Born: 3 August, 1917, in Logie Coldstone, Aberdeenshire. Died: 21 November, 2012, in Aberdeen, aged 95
THEY say that for every one of the 120,000 sleepers laid on the Thailand–Burma Death Railway, a life was lost.
That Bill Kellas was not among them is nothing short of miraculous.
Having endured the miserable daily routine of starvation rations, sickness and beatings as he and his fellow prisoners of war hacked the line out of almost impenetrable jungle, the ravenous young soldier was condemned to death for stealing food.
As a prelude to his execution he was tethered to a rack by his Japanese captors and left outside at the mercy of the elements for three days.
But two unfathomable events were to save his life: the kindness of a courageous Japanese sergeant and the bizarre behaviour of an enemy officer.
He went on to survive for the best part of another 70 years and was one of last remaining handful of men from the 1,000-strong 2nd Battalion of the Gordon Highlanders who served in the Far East during the Second World War.
A farmer’s son, born in the Aberdeenshire village of Logie Coldstone, he left the local school at 14 and worked on his grandfather’s farm.
He was 17 and bored with farm life when, while attending the nearby feein’ market where farmers went to seek out short-term workers, he was recruited by a Gordon Highlanders’ sergeant.
A drummer in the pipe band, he was based in Aberdeen before being posted to Redford Barracks in Edinburgh for two years. From there it was on to Gibraltar in 1937, followed swiftly by Singapore.
The Second World War had been under way for two years when the Japanese attacked Singapore in December 1941. By the following February their shelling of British positions had intensified. On 13 February Kellas was standing on the edge of a trench in Holland Road, while being briefed by Lieutenant Bobby Irvine of Drum Castle, when a mortar made a direct hit on the trench. The officer was killed instantly but Kellas escaped unharmed. Two days later Singapore fell to the Japanese and his three years of incarceration began.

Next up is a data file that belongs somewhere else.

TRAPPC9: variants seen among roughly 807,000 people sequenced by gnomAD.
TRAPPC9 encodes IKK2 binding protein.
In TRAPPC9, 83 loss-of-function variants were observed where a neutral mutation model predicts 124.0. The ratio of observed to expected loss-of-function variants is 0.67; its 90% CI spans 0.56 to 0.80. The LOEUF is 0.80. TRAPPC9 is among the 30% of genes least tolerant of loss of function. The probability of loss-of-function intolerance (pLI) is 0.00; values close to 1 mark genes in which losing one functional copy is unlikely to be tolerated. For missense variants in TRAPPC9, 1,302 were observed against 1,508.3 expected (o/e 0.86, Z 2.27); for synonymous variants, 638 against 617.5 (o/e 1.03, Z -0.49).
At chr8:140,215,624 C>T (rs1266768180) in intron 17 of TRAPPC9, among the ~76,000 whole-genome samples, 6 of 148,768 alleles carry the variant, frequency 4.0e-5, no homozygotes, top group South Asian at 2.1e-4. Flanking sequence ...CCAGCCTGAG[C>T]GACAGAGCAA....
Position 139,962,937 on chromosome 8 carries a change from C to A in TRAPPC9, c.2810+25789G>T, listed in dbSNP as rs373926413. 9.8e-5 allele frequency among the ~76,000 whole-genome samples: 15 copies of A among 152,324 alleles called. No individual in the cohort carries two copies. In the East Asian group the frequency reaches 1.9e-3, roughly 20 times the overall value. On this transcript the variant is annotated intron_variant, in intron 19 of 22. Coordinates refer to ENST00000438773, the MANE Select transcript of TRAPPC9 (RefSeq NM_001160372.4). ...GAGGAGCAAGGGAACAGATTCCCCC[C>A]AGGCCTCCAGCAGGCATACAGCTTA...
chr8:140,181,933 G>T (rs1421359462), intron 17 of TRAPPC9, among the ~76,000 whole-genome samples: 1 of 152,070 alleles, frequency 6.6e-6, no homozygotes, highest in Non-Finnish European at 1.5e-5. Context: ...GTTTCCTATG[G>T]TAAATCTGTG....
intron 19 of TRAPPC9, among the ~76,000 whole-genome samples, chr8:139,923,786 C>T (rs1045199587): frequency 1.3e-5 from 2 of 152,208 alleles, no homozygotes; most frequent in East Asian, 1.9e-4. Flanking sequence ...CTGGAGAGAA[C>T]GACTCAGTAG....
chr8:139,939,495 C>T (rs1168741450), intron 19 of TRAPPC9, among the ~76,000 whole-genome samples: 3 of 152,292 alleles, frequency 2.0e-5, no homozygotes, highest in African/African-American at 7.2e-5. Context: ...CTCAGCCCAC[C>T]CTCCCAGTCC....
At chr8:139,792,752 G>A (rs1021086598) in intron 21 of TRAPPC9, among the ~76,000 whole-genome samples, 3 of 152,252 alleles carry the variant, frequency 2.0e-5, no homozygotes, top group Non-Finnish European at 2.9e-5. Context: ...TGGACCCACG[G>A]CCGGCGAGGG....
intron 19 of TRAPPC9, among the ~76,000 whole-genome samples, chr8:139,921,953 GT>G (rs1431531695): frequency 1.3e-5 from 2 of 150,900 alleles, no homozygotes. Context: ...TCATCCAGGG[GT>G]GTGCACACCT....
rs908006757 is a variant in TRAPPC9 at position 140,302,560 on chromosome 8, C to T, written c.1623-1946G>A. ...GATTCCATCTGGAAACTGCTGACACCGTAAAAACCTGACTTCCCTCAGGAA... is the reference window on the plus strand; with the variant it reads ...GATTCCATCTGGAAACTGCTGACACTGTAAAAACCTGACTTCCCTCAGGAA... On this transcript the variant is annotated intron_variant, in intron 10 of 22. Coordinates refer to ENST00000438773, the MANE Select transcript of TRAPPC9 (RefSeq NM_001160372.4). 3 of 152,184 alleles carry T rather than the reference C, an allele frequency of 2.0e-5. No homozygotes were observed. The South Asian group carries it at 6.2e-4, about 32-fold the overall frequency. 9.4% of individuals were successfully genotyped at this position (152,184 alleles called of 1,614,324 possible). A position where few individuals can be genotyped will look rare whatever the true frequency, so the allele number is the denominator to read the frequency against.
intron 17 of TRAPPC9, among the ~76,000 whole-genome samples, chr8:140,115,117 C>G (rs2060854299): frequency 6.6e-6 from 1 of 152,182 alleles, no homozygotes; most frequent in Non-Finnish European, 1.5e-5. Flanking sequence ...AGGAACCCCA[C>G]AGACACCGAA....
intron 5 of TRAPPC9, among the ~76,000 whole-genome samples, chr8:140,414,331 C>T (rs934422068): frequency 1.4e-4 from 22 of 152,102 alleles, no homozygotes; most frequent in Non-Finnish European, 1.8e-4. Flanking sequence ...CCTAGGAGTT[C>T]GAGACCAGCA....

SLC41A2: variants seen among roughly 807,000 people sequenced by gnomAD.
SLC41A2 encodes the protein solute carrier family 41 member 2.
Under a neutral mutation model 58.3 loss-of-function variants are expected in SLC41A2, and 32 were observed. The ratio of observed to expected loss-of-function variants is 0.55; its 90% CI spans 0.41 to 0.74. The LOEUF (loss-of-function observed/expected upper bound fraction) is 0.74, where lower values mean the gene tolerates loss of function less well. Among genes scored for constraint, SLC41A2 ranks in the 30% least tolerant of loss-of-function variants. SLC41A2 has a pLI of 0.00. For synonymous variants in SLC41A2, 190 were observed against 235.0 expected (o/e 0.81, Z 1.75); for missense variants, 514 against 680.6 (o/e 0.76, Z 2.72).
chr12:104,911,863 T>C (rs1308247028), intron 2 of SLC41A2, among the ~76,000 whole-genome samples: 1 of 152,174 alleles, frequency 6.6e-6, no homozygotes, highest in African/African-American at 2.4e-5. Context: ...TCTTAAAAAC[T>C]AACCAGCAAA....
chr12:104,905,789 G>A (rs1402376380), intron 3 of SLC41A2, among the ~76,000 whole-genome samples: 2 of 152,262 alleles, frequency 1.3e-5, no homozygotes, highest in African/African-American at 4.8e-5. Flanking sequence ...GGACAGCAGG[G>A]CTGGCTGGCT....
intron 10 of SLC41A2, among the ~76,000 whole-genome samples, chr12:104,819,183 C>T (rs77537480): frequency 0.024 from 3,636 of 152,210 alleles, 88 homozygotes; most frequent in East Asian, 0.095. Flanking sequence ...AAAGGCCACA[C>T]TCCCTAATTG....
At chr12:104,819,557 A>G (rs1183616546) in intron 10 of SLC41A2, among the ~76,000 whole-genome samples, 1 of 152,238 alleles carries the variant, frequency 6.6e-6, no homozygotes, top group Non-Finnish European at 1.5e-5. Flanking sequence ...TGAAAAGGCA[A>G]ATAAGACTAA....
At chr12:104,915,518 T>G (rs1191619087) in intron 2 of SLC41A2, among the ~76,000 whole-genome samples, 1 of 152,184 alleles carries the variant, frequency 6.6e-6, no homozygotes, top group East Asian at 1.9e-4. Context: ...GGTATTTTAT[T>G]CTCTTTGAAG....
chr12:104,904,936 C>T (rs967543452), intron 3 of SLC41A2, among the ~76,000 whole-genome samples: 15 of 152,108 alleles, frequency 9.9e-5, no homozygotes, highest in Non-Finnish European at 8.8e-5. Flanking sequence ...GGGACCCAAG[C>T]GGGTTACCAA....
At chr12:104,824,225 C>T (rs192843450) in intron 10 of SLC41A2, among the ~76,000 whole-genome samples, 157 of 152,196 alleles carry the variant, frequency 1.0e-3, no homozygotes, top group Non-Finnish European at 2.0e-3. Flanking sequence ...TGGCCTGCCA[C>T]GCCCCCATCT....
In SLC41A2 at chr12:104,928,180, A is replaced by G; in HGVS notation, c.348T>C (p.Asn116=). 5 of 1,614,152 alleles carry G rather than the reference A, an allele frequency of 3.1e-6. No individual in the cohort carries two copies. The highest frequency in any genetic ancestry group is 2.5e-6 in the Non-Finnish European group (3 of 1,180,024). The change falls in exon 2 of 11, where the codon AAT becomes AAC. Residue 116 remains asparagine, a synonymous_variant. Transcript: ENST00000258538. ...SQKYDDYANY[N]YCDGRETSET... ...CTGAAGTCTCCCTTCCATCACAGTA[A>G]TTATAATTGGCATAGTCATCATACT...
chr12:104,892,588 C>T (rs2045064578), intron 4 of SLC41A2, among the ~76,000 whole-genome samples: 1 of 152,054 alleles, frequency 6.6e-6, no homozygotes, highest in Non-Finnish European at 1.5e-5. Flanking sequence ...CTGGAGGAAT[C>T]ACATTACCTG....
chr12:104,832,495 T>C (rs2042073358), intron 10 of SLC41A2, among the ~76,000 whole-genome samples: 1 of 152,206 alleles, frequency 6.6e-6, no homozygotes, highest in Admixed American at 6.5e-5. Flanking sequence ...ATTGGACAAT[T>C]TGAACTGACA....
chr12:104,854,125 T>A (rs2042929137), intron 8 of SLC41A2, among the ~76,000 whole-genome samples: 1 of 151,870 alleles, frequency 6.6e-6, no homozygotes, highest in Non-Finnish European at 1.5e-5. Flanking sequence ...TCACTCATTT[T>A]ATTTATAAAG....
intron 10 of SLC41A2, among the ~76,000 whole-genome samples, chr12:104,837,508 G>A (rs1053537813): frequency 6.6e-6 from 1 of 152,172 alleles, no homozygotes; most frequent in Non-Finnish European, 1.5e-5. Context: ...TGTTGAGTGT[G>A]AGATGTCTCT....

He and his fellow Gordon Highlanders were marched 14 miles into captivity at Changi PoW camp where a portent of things to come was the execution of four men for trying to escape. Everyone was subjected to beatings, he said, sometimes with bamboo staves, at other times with golf clubs.
Following rumours that they were to build a railway, he left Changi in October 1942, transported to Thailand by train. At least 30 men, many suffering from dysentery, were crammed into each stifling steel carriage. With no room to sit down and no toilet facilities, the stench was foul. Under the fierce sun the metal sides became so searingly hot that they were unbearable to touch. At night they were freezing. By the time they reached their destination, after a six-day journey, a number of the prisoners had perished.
For Kellas, this was the start of his contribution to the 415- kilometre long railway that the Japanese forced approximately 60,000 Allied PoWs and 180,000 Asian workers to build in order to supply their own army fighting the British in Burma.
He began the back-breaking work near the infamous bridge over the River Kwai and was later marched to a second camp where cholera claimed many more lives. By 1943 he was in yet another camp, this time at Conquita, subsisting on rations that “tasted like cardboard”.